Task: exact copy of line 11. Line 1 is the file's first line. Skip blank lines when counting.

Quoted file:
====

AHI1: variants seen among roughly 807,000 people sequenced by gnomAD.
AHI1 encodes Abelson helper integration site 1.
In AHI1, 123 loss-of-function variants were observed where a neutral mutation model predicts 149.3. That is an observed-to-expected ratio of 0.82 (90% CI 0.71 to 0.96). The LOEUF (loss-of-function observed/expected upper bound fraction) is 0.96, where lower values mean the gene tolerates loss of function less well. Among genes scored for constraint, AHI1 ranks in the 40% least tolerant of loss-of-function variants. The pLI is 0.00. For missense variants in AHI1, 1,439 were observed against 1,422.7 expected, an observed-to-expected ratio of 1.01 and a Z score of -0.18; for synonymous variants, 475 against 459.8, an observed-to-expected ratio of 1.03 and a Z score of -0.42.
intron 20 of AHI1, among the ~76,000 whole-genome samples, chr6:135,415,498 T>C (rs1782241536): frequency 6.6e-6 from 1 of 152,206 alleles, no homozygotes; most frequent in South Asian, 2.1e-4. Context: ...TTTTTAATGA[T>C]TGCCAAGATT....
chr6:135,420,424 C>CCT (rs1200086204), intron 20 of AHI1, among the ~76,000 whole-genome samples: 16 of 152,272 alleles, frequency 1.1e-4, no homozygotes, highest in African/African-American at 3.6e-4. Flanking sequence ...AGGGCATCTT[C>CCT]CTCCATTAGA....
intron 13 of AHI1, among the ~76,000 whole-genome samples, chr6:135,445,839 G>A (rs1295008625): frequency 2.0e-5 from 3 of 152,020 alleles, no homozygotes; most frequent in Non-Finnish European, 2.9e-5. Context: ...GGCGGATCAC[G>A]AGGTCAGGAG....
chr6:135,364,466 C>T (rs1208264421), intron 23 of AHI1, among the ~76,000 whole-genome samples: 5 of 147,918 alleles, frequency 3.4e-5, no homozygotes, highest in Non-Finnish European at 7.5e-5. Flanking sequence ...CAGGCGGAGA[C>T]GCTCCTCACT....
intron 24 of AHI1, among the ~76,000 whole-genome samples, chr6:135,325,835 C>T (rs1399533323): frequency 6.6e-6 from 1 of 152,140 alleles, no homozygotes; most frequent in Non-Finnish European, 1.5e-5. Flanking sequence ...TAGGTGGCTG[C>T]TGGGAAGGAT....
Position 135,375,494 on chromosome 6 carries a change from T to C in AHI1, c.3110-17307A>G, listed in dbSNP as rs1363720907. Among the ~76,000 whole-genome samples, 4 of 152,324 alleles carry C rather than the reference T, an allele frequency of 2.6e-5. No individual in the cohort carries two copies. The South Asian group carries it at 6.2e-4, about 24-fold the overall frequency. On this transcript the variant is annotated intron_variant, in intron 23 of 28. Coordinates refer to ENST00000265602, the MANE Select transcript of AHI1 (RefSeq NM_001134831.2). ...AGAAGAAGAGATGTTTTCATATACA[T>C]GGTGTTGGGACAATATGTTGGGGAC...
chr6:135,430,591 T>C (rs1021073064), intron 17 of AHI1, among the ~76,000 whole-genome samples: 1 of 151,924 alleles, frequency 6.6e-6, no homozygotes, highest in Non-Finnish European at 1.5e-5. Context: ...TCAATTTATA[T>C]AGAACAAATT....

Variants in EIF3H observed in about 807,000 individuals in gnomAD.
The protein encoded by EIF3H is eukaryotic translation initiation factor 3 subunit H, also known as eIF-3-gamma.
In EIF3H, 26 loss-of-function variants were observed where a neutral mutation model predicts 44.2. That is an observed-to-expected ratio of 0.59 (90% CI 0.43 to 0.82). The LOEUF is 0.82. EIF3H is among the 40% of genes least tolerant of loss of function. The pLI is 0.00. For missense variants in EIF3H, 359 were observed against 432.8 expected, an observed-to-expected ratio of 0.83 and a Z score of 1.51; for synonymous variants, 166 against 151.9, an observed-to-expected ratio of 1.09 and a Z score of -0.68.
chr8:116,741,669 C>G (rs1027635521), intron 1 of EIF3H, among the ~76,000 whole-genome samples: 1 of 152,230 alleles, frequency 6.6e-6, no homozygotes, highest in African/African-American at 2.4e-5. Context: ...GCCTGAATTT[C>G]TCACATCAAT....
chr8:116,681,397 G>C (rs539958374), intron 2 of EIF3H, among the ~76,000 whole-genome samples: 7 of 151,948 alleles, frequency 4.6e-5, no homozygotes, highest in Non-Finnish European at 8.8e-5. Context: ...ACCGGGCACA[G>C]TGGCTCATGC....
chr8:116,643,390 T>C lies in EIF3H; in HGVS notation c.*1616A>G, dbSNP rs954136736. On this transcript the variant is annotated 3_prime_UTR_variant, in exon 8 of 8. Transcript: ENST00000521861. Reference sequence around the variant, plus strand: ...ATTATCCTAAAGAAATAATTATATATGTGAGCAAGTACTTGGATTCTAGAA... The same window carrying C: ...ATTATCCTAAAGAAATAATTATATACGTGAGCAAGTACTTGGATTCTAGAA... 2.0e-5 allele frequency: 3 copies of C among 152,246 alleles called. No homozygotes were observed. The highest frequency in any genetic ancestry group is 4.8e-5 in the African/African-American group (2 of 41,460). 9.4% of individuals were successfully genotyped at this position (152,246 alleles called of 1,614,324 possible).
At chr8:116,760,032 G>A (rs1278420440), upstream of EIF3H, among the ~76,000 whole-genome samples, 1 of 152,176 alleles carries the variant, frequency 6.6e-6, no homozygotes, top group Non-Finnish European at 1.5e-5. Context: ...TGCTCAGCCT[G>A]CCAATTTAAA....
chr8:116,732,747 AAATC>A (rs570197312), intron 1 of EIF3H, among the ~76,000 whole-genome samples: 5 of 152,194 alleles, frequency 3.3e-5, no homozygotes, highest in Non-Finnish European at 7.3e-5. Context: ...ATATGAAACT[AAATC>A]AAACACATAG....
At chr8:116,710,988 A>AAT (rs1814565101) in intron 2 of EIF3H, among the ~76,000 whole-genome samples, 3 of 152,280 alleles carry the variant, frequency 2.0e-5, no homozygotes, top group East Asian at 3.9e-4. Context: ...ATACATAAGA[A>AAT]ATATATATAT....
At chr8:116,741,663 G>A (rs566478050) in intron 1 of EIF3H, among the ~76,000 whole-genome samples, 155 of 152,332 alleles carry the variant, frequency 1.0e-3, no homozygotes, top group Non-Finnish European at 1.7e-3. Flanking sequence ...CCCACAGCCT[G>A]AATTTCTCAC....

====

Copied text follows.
Variants in EIF3H observed in about 807,000 individuals in gnomAD.